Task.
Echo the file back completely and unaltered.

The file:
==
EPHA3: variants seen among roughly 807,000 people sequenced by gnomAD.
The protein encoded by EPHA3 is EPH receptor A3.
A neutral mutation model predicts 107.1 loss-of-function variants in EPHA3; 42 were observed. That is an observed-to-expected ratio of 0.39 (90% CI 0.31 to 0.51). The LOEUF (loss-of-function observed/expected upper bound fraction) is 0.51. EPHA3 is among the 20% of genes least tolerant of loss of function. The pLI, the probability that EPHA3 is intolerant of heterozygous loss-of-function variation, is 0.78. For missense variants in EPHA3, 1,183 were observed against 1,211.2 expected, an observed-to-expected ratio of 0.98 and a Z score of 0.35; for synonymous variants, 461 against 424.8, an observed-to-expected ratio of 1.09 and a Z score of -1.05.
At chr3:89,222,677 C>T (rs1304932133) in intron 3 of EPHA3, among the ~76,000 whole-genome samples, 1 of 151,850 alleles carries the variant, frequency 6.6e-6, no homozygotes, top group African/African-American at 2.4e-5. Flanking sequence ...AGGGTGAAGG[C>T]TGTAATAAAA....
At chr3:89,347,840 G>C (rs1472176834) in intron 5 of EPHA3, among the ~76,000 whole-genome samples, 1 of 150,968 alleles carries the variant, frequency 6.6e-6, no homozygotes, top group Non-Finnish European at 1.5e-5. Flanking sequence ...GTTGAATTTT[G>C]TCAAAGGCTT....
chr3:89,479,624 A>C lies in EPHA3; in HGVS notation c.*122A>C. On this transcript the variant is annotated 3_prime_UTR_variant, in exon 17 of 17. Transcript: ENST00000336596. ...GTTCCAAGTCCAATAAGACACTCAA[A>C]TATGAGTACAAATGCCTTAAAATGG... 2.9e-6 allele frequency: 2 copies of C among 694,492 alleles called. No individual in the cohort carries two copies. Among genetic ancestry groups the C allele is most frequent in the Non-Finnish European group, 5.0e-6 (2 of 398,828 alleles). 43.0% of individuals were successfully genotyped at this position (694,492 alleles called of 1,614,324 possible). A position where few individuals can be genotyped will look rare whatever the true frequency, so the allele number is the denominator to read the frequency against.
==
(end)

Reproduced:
EPHA3: variants seen among roughly 807,000 people sequenced by gnomAD.
The protein encoded by EPHA3 is EPH receptor A3.
A neutral mutation model predicts 107.1 loss-of-function variants in EPHA3; 42 were observed. That is an observed-to-expected ratio of 0.39 (90% CI 0.31 to 0.51). The LOEUF (loss-of-function observed/expected upper bound fraction) is 0.51. EPHA3 is among the 20% of genes least tolerant of loss of function. The pLI, the probability that EPHA3 is intolerant of heterozygous loss-of-function variation, is 0.78. For missense variants in EPHA3, 1,183 were observed against 1,211.2 expected, an observed-to-expected ratio of 0.98 and a Z score of 0.35; for synonymous variants, 461 against 424.8, an observed-to-expected ratio of 1.09 and a Z score of -1.05.
At chr3:89,222,677 C>T (rs1304932133) in intron 3 of EPHA3, among the ~76,000 whole-genome samples, 1 of 151,850 alleles carries the variant, frequency 6.6e-6, no homozygotes, top group African/African-American at 2.4e-5. Flanking sequence ...AGGGTGAAGG[C>T]TGTAATAAAA....
At chr3:89,347,840 G>C (rs1472176834) in intron 5 of EPHA3, among the ~76,000 whole-genome samples, 1 of 150,968 alleles carries the variant, frequency 6.6e-6, no homozygotes, top group Non-Finnish European at 1.5e-5. Flanking sequence ...GTTGAATTTT[G>C]TCAAAGGCTT....
chr3:89,479,624 A>C lies in EPHA3; in HGVS notation c.*122A>C. On this transcript the variant is annotated 3_prime_UTR_variant, in exon 17 of 17. Transcript: ENST00000336596. ...GTTCCAAGTCCAATAAGACACTCAA[A>C]TATGAGTACAAATGCCTTAAAATGG... 2.9e-6 allele frequency: 2 copies of C among 694,492 alleles called. No individual in the cohort carries two copies. Among genetic ancestry groups the C allele is most frequent in the Non-Finnish European group, 5.0e-6 (2 of 398,828 alleles). 43.0% of individuals were successfully genotyped at this position (694,492 alleles called of 1,614,324 possible). A position where few individuals can be genotyped will look rare whatever the true frequency, so the allele number is the denominator to read the frequency against.